HP Needs a New Board of Directors

I can't put it any more bluntly. The current board of directors at {complink 2376|Hewlett-Packard Co.} needs to be replaced.

The board presided over a mess, fostered an atmosphere of executive incompetence at HP, and by its actions or omissions in leadership appointment and oversight helped drive one of the world's most innovative companies into a ditch. It has named Meg Whitman as CEO, even though she was previously on the board that sanctioned some bad investment and strategic decisions by her predecessor, Léo Apotheker.

If shareholders want to improve the odds of Whitman successfully turning around the company, they need to sweep out the current directors and appoint new ones that will provide the oversight she would need. In some ways, the board is already mostly new, but it is also compromised; many of the current directors, including Whitman, were appointed in the last year.

Lawrence Babbio, Jr., the longest-serving member, joined the board in 2002, followed by John Hammergren, a director since 2005, and then G. Kennedy Thompson and Sari Baldauf, both of whom were appointed in 2006. The other directors include Marc Andreessen (2009), Shumeet Banerji (2011), Rajiv Gupta (2009), Ann Livermore (2011), Gary Reiner (2011), Patricia Russo (2011), Dominique Senequier (2011), and Raymond Lane (HP's non-executive chairman from November 2010 to September 2011 and now executive chairman).

I am a huge fan of HP, which is why I am pleading with investors and CEO Whitman to let their current board of directors go. As I have written previously, the group has not, in my opinion, fulfilled its fiduciary duty to the company but instead, through its actions and omissions, both under-represented and under-served its shareholders. (See: HP Needs a Higher Bar for Whitman and Muddled Thinking Sinks HP.)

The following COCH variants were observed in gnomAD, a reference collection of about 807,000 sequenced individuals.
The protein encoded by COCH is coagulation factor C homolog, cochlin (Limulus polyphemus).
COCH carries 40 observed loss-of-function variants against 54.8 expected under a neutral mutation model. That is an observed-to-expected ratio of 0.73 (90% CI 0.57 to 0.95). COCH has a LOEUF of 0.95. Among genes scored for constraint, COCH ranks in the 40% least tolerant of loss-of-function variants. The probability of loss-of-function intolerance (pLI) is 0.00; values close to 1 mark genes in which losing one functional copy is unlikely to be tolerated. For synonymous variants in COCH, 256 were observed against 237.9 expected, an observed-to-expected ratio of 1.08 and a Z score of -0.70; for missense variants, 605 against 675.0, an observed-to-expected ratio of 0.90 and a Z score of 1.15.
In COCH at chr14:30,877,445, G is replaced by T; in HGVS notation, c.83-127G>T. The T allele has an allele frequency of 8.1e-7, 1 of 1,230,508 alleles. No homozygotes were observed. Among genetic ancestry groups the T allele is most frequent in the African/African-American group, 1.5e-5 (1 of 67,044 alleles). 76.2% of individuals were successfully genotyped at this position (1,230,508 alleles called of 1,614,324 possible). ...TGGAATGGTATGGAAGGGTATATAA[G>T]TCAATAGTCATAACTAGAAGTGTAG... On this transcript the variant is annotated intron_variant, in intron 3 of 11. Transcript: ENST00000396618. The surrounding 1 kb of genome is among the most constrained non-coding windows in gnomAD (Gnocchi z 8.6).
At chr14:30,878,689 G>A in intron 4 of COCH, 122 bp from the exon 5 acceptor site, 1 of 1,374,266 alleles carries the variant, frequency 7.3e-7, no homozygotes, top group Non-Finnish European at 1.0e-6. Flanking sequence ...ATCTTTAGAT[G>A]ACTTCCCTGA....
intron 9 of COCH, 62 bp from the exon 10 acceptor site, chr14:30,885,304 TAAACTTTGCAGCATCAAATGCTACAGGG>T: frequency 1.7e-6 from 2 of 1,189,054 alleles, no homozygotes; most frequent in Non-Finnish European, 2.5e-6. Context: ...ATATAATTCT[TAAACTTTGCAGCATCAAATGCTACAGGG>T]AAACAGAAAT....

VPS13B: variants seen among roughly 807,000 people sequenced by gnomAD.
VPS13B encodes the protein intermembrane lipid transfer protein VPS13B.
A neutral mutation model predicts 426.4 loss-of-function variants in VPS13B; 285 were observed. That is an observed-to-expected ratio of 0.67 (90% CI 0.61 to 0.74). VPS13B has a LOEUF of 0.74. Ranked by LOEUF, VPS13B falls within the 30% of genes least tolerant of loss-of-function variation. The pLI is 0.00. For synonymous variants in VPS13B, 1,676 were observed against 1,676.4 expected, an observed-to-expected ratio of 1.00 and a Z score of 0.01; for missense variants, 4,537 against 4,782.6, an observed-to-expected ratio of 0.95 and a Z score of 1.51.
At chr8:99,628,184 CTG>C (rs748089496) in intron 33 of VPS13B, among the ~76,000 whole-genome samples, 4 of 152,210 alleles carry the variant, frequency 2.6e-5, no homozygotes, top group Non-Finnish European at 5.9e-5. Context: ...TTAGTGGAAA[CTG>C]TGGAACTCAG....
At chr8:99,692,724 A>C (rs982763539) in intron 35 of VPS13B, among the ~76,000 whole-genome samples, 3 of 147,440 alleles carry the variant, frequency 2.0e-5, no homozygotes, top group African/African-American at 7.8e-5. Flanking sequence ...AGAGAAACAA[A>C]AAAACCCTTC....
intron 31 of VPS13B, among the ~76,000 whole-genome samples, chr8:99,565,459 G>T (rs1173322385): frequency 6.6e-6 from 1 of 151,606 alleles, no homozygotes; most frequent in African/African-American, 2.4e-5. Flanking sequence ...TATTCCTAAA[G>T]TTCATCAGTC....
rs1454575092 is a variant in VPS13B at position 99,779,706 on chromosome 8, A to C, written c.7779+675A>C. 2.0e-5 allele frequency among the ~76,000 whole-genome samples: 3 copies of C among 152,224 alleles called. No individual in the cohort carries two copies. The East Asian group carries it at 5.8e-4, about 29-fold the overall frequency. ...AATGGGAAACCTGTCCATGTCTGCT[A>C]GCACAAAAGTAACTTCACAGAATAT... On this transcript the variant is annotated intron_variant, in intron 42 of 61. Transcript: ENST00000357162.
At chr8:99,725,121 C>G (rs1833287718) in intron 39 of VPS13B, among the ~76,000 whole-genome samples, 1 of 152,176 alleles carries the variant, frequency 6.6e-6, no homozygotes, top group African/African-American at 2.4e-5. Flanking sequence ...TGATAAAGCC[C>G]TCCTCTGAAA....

The new directors are equally compromised, despite their extensive knowledge. Most have executive experience and are either currently leading or have led major international companies. Yet, they inherited and adopted a system where the board has more or less become a rubber stamp authority, rather than an independent body that is supposed to closely scrutinize the decision of the CEO and provide critical guidance.

Under the board, HP became an example to the high-tech community of how not to manage the announcement of a major structural reorganization, the hiring and firing of a CEO and the building of shareholder value. Under its watch, HP's market value has dropped so low that computing and consumer electronics rival {complink 379|Apple Inc.} could add a 30 percent premium and still purchase the company with cash on hand. The board presided over the hiring of Apotheker, a software specialist who clearly had no idea how to transform the company for the 21st century.

Apotheker's replacement with Whitman, the former would-be governor of California and ex-CEO of eBay, was no less bewildering. Within weeks of assuming the role, Whitman and the directors had reversed the decision to spin off or sell HP's personal computer division — a position they supported during Apotheker's tenure — making me wonder if they just rubber-stamped the former CEO's proposal or actively debated the subject and conducted due diligence to make sure it was in the company's interest. HP said in a recent statement it decided after a strategic review it would keep the PC business as a part of its operations. The company said further: